What’s old is new: Microneedling

Nov 09, 2016, 5:00am

Microneedling techniques are mimicking results often associated with laser treatment, according to Tina S. Alster, M.D., director of Washington Institute of Dermatologic Laser Surgery, Washington, DC, who presented “Will Microneedling Replace Lasers?” at the 2016 American Society for Dermatologic Surgery (ASDS) annual meeting in New Orleans.

Tina S. Alster, MDWhat is old is new, again. Microneedling techniques have been updated and improved upon, from “roller-type” devices to individual disposable, stainless-steel, multi-needled tips that provide enhanced clinical results. 

Microneedling techniques are mimicking results often associated with laser treatment, according to Tina S. Alster, M.D., director of Washington Institute of Dermatologic Laser Surgery, Washington, DC, who presented “Will Microneedling Replace Lasers?” today at the 2016 American Society for Dermatologic Surgery (ASDS) annual meeting in New Orleans. Dr. Alster, clinical professor of dermatology at Georgetown University Hospital, presented on the topic as part of a larger panel discussion, “ASDS Unplugged – Straight Talk about Devices and More.”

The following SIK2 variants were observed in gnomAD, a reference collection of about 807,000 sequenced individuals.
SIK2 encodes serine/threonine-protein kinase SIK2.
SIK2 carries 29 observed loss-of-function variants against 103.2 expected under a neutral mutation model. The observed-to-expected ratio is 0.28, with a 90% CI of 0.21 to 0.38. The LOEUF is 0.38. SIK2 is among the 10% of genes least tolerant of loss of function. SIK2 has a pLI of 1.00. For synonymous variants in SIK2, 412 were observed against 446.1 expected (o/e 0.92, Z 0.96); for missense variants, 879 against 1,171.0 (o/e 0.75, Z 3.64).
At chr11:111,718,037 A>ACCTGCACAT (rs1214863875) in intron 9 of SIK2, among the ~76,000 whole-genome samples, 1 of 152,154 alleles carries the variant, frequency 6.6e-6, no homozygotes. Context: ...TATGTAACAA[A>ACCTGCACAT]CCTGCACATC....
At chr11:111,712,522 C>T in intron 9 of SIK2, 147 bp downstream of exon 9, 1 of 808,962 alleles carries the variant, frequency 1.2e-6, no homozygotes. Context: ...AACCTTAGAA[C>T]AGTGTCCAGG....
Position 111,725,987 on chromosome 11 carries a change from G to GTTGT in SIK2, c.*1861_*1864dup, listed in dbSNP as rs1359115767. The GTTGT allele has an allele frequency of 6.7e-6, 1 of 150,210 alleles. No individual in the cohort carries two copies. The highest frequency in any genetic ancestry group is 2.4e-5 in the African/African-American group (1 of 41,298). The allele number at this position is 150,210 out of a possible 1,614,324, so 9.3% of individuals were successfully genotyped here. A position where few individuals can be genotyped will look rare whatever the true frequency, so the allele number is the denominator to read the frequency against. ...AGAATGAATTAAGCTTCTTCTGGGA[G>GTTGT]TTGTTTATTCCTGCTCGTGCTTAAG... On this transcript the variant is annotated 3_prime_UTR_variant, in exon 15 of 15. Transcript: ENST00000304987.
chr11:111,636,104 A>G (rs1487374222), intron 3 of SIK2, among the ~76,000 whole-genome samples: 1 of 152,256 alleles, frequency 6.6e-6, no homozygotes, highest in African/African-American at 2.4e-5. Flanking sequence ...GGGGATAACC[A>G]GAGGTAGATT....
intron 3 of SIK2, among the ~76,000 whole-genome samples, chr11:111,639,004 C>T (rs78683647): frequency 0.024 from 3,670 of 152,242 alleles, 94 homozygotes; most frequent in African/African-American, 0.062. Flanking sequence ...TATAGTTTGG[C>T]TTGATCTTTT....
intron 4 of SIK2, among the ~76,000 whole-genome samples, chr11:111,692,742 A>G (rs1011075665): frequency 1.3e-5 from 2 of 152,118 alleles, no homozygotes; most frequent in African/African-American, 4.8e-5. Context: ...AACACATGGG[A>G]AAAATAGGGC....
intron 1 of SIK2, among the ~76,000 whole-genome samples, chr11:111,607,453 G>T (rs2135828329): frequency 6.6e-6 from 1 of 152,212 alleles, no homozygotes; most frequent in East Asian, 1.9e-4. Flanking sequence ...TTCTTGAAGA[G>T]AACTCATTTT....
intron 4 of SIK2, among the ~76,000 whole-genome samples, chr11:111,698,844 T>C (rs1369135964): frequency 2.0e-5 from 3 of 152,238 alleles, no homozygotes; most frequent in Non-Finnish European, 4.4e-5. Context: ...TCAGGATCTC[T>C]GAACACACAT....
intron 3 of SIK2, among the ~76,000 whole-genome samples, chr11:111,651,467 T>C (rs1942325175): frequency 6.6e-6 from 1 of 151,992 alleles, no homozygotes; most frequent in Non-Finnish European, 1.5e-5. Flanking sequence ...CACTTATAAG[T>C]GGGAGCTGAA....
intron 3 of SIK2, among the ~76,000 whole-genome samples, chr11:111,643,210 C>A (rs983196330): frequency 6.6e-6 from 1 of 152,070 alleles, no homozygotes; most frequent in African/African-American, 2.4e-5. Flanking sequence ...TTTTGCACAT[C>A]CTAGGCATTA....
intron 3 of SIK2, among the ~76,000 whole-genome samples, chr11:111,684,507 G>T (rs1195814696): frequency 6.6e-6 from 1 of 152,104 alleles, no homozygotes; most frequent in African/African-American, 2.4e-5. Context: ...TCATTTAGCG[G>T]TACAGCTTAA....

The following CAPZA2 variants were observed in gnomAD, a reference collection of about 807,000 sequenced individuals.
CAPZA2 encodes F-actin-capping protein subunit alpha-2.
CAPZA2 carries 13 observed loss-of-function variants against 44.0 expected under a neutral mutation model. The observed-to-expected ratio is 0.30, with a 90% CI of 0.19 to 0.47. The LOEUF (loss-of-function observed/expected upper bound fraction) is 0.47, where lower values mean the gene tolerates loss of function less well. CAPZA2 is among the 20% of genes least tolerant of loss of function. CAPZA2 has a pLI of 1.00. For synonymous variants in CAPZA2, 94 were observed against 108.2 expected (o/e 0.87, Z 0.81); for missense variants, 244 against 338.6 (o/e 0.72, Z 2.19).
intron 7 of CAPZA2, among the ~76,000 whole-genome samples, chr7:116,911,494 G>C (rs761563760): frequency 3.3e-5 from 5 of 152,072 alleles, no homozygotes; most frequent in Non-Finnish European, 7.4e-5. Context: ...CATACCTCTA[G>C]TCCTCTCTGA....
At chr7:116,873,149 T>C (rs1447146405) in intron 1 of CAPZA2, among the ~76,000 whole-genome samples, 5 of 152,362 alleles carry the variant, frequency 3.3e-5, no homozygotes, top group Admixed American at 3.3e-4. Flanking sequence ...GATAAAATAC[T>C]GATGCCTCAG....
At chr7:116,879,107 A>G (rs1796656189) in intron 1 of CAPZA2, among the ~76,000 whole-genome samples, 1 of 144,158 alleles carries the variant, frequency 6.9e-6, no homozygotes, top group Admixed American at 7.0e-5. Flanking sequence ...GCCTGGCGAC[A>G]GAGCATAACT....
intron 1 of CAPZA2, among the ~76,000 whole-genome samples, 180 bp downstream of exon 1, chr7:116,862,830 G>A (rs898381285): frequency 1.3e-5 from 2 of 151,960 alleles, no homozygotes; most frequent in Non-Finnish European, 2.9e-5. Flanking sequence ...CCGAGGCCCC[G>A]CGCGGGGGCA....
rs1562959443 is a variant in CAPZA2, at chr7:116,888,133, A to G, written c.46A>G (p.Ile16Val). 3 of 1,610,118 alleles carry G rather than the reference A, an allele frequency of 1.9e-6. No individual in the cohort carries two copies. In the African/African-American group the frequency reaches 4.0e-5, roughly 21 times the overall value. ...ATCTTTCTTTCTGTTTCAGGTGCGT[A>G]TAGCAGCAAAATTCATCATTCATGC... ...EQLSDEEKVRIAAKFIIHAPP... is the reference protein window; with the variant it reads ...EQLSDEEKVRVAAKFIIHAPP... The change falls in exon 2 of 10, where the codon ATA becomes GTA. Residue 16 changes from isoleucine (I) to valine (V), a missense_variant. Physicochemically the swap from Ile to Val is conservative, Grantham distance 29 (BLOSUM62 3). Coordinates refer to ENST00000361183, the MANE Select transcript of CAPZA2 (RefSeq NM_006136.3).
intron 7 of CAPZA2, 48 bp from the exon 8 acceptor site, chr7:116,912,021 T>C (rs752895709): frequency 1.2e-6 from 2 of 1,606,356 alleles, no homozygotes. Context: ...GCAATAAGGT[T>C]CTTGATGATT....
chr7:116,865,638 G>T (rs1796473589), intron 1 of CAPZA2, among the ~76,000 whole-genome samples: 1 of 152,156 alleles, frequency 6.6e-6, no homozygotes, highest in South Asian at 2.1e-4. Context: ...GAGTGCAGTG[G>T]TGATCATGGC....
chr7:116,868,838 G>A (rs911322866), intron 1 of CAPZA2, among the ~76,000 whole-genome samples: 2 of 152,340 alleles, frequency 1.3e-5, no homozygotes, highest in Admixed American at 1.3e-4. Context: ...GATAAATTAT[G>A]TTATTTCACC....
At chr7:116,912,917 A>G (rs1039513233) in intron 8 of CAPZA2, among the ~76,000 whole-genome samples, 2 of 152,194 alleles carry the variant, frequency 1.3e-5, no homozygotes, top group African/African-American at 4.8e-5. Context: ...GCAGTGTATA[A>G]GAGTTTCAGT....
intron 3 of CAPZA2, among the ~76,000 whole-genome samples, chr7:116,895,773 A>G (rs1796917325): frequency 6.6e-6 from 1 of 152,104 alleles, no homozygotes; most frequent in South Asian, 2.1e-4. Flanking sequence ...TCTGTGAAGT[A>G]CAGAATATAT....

During the “straight-up” discussion, promising no frills or distortions on topics important to dermatologic surgeons, Dr. Alster reports microneedling is already replacing fractionated lasers or is being used in conjunction with lasers for several conditions. Those are: Perioral rhytides, in lieu of ablative and nonablative fractionated lasers; enlarged facial pores, in lieu of ablative and nonablative fractionated lasers; various scars (from acne, trauma, surgery), alone or in conjunction with pulsed dye laser treatment (if scars are erythematous); and striae, alone or in conjunction with pulsed dye laser (again, if the striae are erythematous), according to clinical professor of Dermatology at Georgetown University Hospital

 

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